Emotions can take you on a rollercoaster ride during a poker session, but maintaining control of them is absolutely vital to having a sound poker strategy. Professional players devote a great deal of time and energy to maintaining a level head and a stable state of mind.
However, sometimes that rollercoaster ride gets out of control and your emotions take over. When this happens you are said to be “on tilt”.
Tilt in poker occurs when you are unable to make rational decisions at the poker table because your emotional state has gotten the better of you. Perhaps you are angry at a bad beat, terrified because you just bought in with this month’s rent money, or got a promotion at work and feel like taking it easy on the table.
Whatever the cause, you are going to lose money.
Tilting is by far the most expensive leak in poker, even more expensive than thinking 7-2 offsuit is actually a good hand. Why? Because even when you play poor cards in poker, you do so in a rational and calculating way. Poker tilt removes your rationality so you play far worse, no matter what cards you are holding.
And before you begin to think that this will never happen to you, if you have ever played poker, then it is extremely likely that you have experienced “poker tilt” in some form or other. If you think you have never tilted, you are simply in denial.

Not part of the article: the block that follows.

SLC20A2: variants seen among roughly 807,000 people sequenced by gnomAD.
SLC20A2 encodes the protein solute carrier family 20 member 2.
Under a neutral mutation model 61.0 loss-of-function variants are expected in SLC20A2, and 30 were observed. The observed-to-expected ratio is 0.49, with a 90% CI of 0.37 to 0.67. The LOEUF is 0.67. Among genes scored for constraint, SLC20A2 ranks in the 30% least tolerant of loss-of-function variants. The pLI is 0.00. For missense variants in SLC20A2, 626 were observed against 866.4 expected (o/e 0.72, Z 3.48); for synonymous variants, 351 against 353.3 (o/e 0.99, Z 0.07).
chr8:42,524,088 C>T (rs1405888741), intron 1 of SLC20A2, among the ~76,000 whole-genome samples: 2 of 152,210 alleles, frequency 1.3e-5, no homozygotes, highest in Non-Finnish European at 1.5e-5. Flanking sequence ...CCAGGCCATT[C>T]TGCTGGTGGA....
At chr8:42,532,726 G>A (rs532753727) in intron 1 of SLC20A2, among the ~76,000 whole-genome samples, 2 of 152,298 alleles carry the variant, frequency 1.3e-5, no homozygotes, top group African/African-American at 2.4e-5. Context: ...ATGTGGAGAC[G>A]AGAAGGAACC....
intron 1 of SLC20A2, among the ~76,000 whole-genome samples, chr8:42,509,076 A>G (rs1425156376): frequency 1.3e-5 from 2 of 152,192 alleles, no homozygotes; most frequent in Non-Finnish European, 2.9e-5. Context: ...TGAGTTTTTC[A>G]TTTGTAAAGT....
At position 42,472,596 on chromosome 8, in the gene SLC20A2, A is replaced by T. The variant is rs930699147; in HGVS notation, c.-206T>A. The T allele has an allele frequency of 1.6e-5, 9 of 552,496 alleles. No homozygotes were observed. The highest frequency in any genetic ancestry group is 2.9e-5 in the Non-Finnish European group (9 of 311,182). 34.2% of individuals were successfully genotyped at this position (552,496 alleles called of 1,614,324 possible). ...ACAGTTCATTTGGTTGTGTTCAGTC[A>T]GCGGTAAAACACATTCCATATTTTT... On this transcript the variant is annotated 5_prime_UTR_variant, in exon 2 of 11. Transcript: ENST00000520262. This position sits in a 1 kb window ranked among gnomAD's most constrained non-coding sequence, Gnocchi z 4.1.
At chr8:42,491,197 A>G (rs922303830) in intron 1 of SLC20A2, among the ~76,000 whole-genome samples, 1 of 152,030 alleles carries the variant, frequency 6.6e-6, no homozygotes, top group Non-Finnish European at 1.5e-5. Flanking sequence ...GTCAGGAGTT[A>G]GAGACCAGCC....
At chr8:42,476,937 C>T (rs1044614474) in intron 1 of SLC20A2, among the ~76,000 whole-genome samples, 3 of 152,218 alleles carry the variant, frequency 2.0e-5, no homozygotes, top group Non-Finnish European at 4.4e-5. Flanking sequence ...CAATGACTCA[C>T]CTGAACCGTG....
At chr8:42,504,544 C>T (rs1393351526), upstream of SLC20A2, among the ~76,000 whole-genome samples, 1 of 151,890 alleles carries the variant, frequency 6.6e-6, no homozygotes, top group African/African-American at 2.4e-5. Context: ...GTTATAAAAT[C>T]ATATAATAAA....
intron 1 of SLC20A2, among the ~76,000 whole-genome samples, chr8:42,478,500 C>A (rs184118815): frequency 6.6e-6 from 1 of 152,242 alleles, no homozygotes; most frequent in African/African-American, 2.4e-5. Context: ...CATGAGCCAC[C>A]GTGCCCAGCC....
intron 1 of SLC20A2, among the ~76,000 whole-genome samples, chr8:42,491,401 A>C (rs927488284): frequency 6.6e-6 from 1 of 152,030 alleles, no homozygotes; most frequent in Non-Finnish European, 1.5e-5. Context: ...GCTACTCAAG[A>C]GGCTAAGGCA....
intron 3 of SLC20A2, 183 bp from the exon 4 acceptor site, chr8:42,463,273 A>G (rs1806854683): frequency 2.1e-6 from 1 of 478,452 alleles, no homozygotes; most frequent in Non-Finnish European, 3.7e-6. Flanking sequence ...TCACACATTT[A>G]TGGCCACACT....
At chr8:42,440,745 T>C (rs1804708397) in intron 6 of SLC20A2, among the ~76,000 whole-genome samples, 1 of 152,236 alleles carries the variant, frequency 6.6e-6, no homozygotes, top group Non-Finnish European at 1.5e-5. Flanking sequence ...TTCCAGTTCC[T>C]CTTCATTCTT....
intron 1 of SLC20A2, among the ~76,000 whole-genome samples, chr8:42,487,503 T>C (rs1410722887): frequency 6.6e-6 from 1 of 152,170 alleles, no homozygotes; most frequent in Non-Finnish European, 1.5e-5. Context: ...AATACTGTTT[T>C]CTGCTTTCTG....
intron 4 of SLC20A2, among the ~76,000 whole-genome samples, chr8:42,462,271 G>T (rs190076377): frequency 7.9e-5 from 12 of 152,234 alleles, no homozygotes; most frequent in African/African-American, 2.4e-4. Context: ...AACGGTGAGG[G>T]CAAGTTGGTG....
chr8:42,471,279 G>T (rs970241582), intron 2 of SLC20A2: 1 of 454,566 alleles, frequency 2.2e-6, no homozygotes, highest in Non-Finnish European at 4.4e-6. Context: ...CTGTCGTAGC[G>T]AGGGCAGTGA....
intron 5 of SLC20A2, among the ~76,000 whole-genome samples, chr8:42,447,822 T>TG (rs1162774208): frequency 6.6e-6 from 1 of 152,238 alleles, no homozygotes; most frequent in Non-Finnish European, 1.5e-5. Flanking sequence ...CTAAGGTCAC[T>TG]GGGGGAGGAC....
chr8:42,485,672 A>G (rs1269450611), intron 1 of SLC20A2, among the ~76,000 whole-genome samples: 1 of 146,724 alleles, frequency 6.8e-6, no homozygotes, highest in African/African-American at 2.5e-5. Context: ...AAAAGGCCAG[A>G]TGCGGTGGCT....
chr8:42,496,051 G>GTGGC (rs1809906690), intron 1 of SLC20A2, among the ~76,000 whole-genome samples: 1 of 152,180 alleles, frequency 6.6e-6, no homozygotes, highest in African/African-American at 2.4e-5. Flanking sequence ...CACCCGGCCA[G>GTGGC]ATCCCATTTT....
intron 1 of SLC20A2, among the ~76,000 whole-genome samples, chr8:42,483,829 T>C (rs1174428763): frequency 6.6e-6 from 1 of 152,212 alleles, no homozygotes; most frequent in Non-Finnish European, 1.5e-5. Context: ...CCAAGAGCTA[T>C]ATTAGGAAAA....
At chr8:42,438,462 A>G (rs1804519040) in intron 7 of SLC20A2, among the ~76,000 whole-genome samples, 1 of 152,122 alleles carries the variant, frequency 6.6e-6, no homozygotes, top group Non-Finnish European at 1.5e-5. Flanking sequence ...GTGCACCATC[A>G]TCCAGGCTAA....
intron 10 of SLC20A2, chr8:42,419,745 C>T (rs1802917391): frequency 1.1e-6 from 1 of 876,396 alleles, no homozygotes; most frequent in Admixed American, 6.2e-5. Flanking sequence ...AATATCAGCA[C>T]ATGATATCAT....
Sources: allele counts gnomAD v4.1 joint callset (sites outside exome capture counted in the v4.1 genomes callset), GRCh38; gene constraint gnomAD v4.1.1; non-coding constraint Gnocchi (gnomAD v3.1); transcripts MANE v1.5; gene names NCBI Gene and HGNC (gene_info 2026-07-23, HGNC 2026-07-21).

So how do you weather poker’s version of the “perfect storm”?
The best way to control tilt is to recognize its onset. In this way you will also be able to identify what triggered your reaction, enabling you to recognize and avoid future occurrences.
Tilt can occur for a variety of reasons. The most common are:
Sometimes it might be a combination of the above, or it could be something unrelated to the poker game such as a domestic argument that has left you feeling angry or upset.
Tilt will prevent you from playing your A-game, so before you take a seat at the table – or log-in to your favorite poker site if you are playing online – you need to ask yourself honestly if you are ready to play. If the answer is “no”, then congratulate yourself, because you just saved your bankroll from taking a hit.
If you are already at the table, it is even more important to recognize the signs. Every time one of the events mentioned above occurs, reassess your situation and your mental state. Ask yourself if you are angry or upset by what occurred. Be honest with yourself – after all, you are the only one who is going to lose out.
Once you have recognized the tilt trigger it is time to slow down your play and deal with the tilt. Begin internally verbalizing your decisions, as if you are explaining the action and your plays to a friend who was watching the game.
“He often raises preflop, so it’s OK to call a raise on the button with AJ suited,” you say to yourself before you push your chips across the felt. Remember, you are not going to speak out loud, but hearing them in your head will enable you to catch mistakes before you make them. If you find yourself saying “I can call his all-in with K9 offsuit because…because…,” then tilt has taken hold.